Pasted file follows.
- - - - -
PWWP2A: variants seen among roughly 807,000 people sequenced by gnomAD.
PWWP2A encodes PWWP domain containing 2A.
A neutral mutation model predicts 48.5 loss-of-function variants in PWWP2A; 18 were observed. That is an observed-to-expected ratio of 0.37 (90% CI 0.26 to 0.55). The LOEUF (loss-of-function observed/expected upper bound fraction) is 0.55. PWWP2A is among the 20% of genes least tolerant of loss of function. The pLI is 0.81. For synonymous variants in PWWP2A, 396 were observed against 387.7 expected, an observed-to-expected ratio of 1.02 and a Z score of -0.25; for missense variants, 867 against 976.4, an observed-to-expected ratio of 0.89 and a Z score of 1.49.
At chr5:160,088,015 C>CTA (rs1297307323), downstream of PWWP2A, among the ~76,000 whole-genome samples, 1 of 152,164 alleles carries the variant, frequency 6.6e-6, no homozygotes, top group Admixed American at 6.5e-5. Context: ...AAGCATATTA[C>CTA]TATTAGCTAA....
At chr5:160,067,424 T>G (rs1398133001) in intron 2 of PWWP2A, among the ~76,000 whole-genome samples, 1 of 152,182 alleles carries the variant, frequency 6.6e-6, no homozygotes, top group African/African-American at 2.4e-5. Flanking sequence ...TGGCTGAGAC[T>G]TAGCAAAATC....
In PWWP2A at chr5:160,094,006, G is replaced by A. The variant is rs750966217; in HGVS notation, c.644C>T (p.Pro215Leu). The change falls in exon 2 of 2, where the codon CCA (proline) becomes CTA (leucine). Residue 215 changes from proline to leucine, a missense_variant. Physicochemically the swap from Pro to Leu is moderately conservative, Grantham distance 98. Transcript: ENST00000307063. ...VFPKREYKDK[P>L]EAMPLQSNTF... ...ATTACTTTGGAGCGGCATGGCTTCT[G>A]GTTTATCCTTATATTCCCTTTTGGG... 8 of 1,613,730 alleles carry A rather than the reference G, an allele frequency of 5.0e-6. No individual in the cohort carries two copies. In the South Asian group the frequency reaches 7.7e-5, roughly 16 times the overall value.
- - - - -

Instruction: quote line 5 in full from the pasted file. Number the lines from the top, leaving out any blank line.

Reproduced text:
At chr5:160,067,424 T>G (rs1398133001) in intron 2 of PWWP2A, among the ~76,000 whole-genome samples, 1 of 152,182 alleles carries the variant, frequency 6.6e-6, no homozygotes, top group African/African-American at 2.4e-5. Flanking sequence ...TGGCTGAGAC[T>G]TAGCAAAATC....